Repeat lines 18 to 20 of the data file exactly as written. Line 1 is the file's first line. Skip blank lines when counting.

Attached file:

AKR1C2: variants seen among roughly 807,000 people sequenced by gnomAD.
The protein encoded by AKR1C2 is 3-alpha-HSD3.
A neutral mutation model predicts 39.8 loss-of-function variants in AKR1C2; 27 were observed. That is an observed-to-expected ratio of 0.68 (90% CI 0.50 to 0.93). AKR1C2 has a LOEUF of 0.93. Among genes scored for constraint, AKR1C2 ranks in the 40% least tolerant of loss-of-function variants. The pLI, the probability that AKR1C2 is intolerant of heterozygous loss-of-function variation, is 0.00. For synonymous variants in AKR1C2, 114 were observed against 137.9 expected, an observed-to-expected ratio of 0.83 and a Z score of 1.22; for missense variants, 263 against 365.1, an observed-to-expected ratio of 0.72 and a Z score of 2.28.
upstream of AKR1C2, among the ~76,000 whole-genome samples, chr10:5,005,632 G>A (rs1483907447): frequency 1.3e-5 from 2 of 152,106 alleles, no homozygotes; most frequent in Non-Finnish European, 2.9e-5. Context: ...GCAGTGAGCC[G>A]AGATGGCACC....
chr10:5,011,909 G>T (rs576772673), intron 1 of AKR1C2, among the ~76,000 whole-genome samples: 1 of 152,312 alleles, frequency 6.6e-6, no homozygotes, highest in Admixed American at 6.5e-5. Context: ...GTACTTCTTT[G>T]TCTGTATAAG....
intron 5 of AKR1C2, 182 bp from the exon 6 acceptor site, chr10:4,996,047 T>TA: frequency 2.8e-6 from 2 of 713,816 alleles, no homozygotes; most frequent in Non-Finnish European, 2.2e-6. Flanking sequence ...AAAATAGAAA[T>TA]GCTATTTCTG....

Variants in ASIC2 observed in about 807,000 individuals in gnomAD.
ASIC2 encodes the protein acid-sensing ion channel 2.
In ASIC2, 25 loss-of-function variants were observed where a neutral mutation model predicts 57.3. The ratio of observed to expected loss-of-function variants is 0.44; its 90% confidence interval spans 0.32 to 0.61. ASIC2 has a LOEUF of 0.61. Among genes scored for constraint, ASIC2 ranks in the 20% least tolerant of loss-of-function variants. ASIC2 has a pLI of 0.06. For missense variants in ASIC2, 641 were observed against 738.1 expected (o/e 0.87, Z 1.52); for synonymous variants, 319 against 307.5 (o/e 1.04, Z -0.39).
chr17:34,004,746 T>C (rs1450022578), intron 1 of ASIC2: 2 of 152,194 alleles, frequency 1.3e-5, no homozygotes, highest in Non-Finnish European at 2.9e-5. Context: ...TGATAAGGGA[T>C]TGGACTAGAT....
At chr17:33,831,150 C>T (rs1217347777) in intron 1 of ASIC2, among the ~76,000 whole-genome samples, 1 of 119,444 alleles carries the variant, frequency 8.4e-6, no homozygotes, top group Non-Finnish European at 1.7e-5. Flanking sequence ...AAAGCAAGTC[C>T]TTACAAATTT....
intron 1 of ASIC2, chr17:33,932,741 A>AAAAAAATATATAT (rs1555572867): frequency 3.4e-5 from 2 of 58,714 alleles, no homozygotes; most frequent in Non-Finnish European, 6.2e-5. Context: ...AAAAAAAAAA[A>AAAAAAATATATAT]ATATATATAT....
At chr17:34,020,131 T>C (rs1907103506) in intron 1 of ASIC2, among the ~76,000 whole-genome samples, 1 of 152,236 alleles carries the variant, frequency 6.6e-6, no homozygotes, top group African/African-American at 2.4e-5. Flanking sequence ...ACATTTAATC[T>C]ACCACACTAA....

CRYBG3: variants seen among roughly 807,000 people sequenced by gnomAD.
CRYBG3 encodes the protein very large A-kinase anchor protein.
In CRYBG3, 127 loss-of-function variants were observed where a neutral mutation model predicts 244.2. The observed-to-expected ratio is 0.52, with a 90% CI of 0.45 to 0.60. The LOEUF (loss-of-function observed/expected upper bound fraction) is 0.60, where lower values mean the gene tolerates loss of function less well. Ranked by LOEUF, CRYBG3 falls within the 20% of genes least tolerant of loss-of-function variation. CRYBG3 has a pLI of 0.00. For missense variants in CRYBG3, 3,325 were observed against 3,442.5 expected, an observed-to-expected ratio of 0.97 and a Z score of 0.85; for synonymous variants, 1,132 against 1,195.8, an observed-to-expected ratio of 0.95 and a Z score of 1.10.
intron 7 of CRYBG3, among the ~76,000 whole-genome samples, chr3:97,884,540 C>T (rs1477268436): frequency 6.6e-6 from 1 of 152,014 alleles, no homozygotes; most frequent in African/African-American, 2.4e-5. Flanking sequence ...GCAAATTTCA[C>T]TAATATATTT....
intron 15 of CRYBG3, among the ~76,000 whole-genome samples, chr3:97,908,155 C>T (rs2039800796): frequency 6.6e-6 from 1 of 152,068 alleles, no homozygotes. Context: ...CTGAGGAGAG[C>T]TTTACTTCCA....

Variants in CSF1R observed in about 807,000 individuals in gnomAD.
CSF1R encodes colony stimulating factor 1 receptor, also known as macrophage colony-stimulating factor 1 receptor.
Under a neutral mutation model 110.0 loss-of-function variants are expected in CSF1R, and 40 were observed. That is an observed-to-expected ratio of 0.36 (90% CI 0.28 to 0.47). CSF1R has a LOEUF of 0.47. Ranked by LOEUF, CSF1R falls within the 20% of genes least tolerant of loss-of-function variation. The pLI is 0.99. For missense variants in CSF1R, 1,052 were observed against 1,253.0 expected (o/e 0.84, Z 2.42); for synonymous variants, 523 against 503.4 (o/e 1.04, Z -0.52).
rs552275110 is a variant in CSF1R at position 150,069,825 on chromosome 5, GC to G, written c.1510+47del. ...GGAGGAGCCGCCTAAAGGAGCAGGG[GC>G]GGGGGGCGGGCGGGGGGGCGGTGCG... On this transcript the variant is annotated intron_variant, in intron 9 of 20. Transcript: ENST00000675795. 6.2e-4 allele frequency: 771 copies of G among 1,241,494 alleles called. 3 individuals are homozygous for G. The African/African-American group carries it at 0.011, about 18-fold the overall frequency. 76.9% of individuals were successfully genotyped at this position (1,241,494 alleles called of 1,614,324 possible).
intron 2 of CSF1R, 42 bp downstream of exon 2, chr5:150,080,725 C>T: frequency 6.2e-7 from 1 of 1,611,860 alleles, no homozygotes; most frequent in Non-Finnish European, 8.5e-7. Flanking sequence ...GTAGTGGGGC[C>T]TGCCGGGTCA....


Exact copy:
intron 15 of CRYBG3, among the ~76,000 whole-genome samples, chr3:97,908,155 C>T (rs2039800796): frequency 6.6e-6 from 1 of 152,068 alleles, no homozygotes. Context: ...CTGAGGAGAG[C>T]TTTACTTCCA....

Variants in CSF1R observed in about 807,000 individuals in gnomAD.
CSF1R encodes colony stimulating factor 1 receptor, also known as macrophage colony-stimulating factor 1 receptor.